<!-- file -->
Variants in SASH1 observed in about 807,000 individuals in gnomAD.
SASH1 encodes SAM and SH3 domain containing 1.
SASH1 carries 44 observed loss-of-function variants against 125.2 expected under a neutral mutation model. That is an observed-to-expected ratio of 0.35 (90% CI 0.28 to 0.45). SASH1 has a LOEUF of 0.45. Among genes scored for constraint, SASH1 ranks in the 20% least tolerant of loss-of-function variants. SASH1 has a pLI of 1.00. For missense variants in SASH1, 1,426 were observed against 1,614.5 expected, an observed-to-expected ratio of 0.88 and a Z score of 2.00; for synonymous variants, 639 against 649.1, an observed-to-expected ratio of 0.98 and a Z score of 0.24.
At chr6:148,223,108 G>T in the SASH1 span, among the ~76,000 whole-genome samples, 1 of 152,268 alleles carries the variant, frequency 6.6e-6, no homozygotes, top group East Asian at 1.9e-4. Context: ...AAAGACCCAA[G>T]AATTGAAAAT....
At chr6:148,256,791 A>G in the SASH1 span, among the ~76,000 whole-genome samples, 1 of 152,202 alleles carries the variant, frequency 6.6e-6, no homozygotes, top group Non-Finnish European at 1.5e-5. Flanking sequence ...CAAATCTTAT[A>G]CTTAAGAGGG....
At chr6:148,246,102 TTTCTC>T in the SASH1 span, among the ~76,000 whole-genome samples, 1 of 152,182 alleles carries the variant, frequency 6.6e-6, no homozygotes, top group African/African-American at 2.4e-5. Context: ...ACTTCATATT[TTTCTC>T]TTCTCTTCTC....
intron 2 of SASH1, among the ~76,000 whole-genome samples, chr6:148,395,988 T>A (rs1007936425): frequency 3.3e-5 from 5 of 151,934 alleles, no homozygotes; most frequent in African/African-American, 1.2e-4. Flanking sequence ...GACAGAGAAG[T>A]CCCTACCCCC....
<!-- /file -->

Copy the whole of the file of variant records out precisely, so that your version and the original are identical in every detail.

Variants in SASH1 observed in about 807,000 individuals in gnomAD.
SASH1 encodes SAM and SH3 domain containing 1.
SASH1 carries 44 observed loss-of-function variants against 125.2 expected under a neutral mutation model. That is an observed-to-expected ratio of 0.35 (90% CI 0.28 to 0.45). SASH1 has a LOEUF of 0.45. Among genes scored for constraint, SASH1 ranks in the 20% least tolerant of loss-of-function variants. SASH1 has a pLI of 1.00. For missense variants in SASH1, 1,426 were observed against 1,614.5 expected, an observed-to-expected ratio of 0.88 and a Z score of 2.00; for synonymous variants, 639 against 649.1, an observed-to-expected ratio of 0.98 and a Z score of 0.24.
At chr6:148,223,108 G>T in the SASH1 span, among the ~76,000 whole-genome samples, 1 of 152,268 alleles carries the variant, frequency 6.6e-6, no homozygotes, top group East Asian at 1.9e-4. Context: ...AAAGACCCAA[G>T]AATTGAAAAT....
At chr6:148,256,791 A>G in the SASH1 span, among the ~76,000 whole-genome samples, 1 of 152,202 alleles carries the variant, frequency 6.6e-6, no homozygotes, top group Non-Finnish European at 1.5e-5. Flanking sequence ...CAAATCTTAT[A>G]CTTAAGAGGG....
At chr6:148,246,102 TTTCTC>T in the SASH1 span, among the ~76,000 whole-genome samples, 1 of 152,182 alleles carries the variant, frequency 6.6e-6, no homozygotes, top group African/African-American at 2.4e-5. Context: ...ACTTCATATT[TTTCTC>T]TTCTCTTCTC....
intron 2 of SASH1, among the ~76,000 whole-genome samples, chr6:148,395,988 T>A (rs1007936425): frequency 3.3e-5 from 5 of 151,934 alleles, no homozygotes; most frequent in African/African-American, 1.2e-4. Flanking sequence ...GACAGAGAAG[T>A]CCCTACCCCC....